He always seemed like a hard task master on stage. Did you learn a lot about touring and discipline?
What interested me was the on-stage stuff - how to work an audience. Sometimes he'd repeat a song, or he'd bring an audience down so he could set them up to take them back up again. That's what really fascinated me.
What was the hardest thing about working for the hardest working man in showbusiness?
When we first started, we used to play six shows a day at the Apollo Theatre in New York City. That meant the curtain would close, and you'd have to rush to get some food and change your uniforms and make your shoes were okay and maybe use the facilities, then you'd be on the stage again. That was hard.
Parker, James Brown, Bill Withers and BB King played at Zaire '74
What do you remember about the Zaire '74 shows?
If I can remember correctly, the Muhammad Ali fight was postponed or cancelled - so when they actually fought it we weren't there.
But the atmosphere was exciting because we didn't get the chance to do that many festivals. The chance to mingle with so many other artists was the best thing.
What performances did you catch at the festival?
I can't remember too much! I remember Bill Withers being there. And I remember everyone flying over in the same aeroplane. You were in close proximity to people you admired and had heard on records. That was exciting.
On your most recent album, Roots and Grooves, you do an uncanny Ray Charles impression. Was he an inspiration?
Yeah, when me and my brothers got to the point where we were able to choose the records we wanted to listen to, Ray Charles was always at the top of the stack. So somehow, without really knowing how, he became my favourite person.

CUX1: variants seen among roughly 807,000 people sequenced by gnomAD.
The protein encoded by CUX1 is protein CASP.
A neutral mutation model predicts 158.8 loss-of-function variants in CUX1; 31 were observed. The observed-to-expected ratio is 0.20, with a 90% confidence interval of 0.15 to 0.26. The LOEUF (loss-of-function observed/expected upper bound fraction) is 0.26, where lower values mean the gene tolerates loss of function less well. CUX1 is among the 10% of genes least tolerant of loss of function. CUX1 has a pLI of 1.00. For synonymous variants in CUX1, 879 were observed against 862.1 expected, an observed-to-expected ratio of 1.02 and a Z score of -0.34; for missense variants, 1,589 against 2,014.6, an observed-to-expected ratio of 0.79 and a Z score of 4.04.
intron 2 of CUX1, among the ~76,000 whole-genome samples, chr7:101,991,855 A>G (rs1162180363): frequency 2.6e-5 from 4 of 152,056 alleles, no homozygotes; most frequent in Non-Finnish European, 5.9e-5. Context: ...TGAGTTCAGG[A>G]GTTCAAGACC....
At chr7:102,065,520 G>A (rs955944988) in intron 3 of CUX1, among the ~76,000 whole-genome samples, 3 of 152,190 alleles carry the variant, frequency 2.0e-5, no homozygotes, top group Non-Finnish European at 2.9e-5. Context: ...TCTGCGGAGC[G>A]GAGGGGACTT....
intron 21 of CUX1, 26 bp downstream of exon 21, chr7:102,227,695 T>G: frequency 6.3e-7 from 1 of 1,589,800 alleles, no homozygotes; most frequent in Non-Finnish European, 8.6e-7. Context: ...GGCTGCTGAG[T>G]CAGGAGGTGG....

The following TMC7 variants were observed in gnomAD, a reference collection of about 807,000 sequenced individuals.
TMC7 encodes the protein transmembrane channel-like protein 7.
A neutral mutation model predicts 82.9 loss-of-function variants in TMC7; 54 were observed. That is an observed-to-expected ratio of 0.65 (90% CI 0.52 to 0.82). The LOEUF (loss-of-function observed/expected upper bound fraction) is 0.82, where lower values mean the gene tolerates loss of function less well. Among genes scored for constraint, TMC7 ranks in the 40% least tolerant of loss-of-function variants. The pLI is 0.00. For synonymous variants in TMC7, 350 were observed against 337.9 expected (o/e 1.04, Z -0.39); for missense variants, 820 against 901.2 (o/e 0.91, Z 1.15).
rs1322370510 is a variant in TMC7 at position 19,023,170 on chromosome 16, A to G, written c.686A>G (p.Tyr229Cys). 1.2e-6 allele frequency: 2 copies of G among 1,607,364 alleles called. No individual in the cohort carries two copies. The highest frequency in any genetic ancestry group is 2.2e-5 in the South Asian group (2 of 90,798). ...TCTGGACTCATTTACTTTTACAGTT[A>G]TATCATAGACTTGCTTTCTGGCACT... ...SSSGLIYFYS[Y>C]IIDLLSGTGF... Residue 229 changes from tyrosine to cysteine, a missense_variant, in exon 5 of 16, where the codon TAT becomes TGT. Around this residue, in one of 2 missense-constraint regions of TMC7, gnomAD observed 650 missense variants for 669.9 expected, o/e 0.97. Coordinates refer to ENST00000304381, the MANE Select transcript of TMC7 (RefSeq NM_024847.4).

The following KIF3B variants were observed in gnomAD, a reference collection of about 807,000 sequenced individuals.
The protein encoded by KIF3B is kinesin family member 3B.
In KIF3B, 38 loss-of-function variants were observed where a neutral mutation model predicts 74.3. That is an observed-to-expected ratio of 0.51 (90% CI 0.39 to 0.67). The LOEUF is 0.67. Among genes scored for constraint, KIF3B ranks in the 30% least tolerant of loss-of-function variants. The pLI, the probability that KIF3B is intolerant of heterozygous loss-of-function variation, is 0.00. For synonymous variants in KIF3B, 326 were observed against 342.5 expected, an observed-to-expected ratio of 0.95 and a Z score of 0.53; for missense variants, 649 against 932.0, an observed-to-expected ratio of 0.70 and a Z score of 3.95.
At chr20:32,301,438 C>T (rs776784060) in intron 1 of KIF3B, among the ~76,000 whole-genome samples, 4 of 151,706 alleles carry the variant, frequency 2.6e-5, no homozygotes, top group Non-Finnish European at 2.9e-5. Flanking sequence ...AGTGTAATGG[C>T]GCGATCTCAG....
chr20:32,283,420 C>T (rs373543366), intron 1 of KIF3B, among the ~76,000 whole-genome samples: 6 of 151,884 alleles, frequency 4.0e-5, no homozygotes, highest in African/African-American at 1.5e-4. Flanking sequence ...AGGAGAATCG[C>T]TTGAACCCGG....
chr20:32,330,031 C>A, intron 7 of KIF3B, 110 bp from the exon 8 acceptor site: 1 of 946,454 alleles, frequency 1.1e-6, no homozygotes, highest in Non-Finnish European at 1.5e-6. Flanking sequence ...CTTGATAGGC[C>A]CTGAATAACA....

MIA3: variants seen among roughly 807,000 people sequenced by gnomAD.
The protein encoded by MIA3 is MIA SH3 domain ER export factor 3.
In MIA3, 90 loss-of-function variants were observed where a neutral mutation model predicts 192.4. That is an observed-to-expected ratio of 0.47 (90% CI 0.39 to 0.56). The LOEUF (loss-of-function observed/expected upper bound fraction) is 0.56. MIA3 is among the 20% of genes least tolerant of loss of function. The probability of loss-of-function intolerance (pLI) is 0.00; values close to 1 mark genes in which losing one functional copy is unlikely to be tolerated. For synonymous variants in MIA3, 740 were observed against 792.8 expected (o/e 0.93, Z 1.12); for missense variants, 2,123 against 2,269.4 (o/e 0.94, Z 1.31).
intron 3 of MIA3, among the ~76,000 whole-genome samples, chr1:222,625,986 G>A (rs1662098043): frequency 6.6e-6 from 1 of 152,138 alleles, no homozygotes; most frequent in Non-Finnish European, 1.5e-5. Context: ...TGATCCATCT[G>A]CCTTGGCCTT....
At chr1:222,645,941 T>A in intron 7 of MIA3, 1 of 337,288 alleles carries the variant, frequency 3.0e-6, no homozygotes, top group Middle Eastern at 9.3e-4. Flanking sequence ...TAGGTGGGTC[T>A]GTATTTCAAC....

If I could have only one album, it would probably be a Ray Charles album.
You also got to play with Prince during his 21 night residency in London. How was that?
Well, without really getting into Prince that much, I try to make wherever I am and whatever I'm doing very, very exciting. And I look at all the projects that I do as if they were my own. And that's about the best way I can answer that.
It's impossible not to dance to songs like Pass The Peas or Papa's Got A Brand New Bag. What's the strangest move you've seen in the audience?
Sly Stone recorded a tune that went: 'There's a rhythm / When you don't know what you're doing' and we allow people to have that freedom. If you come to the show and you can't dance, that's okay. That's acceptable. That doesn't mean you can't enjoy yourself. You just move from side to side, or just try to pop your fingers or something.
Do you still play 320 days a year?
We have peaks and valleys - so I'm not really sure. But my manager tells me the year coming up is going to be great.
My biggest worry is as I get older my stamina and my ability to play as I would like is starting to go a little bit downhill. Which means I've gotta work harder, harder, harder. I practise two hours a day now, and I exercise so that when I do go on stage, I feel great and I can do what I normally do.
But it gets harder and harder as I have to prepare more and more.
Maceo Parker was talking to BBC News entertainment reporter Mark Savage. Soul Power is out now.